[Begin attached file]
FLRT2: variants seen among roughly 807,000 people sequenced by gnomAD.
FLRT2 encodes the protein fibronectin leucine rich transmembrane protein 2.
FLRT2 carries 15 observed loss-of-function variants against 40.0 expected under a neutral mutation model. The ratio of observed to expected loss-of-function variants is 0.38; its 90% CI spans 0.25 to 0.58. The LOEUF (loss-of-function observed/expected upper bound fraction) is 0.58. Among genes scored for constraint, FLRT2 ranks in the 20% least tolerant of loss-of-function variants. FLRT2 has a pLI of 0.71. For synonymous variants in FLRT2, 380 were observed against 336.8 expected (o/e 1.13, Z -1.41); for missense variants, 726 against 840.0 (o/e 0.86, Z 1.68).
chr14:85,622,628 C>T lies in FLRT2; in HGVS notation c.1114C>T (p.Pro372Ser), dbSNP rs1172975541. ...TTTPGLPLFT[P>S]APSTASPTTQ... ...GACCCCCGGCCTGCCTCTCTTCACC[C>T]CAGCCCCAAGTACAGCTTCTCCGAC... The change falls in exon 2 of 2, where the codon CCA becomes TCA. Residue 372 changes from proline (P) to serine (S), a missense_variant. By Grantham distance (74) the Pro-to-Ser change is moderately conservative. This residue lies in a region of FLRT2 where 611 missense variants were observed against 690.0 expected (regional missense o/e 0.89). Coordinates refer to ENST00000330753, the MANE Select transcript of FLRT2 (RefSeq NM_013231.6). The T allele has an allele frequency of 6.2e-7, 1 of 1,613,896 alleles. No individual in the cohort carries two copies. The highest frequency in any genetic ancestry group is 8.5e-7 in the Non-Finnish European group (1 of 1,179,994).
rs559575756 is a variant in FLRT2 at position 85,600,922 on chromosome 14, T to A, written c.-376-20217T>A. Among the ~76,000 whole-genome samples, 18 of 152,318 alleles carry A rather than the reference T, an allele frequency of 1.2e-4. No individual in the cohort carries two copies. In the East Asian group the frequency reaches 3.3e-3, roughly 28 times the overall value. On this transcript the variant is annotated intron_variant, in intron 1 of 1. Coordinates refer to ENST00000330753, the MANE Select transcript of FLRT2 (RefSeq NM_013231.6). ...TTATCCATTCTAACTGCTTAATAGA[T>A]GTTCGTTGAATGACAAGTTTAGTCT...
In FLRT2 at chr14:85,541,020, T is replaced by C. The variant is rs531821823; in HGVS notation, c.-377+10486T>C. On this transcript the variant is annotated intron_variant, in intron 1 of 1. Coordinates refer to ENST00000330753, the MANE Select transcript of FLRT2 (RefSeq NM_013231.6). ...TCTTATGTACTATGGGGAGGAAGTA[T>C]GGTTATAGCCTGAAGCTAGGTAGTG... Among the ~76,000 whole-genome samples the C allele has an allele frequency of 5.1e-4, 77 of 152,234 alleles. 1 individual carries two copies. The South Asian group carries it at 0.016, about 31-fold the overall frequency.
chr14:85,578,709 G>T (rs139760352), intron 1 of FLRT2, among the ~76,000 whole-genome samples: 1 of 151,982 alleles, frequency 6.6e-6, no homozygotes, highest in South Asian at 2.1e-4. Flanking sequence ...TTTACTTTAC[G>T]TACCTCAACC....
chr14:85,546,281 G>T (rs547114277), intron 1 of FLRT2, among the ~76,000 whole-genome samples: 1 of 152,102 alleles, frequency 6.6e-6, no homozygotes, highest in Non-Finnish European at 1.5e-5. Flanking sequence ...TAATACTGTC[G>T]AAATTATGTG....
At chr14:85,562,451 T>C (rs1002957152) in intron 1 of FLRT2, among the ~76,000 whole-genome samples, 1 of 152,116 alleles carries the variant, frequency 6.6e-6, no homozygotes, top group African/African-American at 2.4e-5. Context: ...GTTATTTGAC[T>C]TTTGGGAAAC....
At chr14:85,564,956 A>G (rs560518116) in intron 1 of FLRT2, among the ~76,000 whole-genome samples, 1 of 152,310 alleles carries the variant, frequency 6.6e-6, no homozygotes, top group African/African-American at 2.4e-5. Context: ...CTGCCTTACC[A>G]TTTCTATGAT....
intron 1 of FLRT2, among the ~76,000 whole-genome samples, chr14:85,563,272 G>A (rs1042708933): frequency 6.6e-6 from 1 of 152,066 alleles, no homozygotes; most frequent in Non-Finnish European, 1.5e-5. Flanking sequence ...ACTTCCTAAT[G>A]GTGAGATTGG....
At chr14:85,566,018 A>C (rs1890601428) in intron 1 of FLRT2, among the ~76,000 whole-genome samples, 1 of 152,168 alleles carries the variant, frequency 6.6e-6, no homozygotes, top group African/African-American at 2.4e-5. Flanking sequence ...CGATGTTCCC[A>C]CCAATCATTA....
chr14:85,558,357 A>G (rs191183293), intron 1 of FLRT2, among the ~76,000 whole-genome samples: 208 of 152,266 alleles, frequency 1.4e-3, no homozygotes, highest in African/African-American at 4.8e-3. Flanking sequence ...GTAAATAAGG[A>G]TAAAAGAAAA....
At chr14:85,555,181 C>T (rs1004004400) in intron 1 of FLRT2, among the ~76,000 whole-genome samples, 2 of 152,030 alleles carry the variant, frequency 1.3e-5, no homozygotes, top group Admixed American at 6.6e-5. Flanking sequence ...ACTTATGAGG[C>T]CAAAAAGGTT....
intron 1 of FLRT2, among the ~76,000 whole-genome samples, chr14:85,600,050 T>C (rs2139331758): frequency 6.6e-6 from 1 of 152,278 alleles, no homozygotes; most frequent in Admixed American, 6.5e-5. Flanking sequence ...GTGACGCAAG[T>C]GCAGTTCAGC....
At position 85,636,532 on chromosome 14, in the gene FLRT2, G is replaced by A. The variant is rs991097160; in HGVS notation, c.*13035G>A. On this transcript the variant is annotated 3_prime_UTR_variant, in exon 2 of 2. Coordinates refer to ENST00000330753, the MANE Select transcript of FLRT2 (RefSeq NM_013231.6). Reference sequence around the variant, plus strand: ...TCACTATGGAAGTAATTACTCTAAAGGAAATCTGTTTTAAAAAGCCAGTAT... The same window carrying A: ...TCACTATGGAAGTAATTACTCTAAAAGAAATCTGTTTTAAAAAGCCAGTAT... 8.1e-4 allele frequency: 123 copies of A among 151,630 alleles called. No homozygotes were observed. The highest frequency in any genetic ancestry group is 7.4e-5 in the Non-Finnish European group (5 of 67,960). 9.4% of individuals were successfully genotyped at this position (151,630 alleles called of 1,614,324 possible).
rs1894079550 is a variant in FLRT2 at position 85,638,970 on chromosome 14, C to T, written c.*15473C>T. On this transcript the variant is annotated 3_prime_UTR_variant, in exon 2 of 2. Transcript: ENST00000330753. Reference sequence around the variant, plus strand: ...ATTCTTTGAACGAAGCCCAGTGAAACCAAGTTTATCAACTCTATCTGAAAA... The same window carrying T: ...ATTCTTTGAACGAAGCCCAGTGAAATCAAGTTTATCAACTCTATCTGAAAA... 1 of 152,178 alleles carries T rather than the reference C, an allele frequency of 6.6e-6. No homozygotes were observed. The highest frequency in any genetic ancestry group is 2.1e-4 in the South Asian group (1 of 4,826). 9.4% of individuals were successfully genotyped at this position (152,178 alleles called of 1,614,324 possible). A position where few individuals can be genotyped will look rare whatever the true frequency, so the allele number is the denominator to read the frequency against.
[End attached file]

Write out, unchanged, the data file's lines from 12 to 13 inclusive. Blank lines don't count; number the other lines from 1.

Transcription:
At chr14:85,566,018 A>C (rs1890601428) in intron 1 of FLRT2, among the ~76,000 whole-genome samples, 1 of 152,168 alleles carries the variant, frequency 6.6e-6, no homozygotes, top group African/African-American at 2.4e-5. Flanking sequence ...CGATGTTCCC[A>C]CCAATCATTA....
chr14:85,558,357 A>G (rs191183293), intron 1 of FLRT2, among the ~76,000 whole-genome samples: 208 of 152,266 alleles, frequency 1.4e-3, no homozygotes, highest in African/African-American at 4.8e-3. Flanking sequence ...GTAAATAAGG[A>G]TAAAAGAAAA....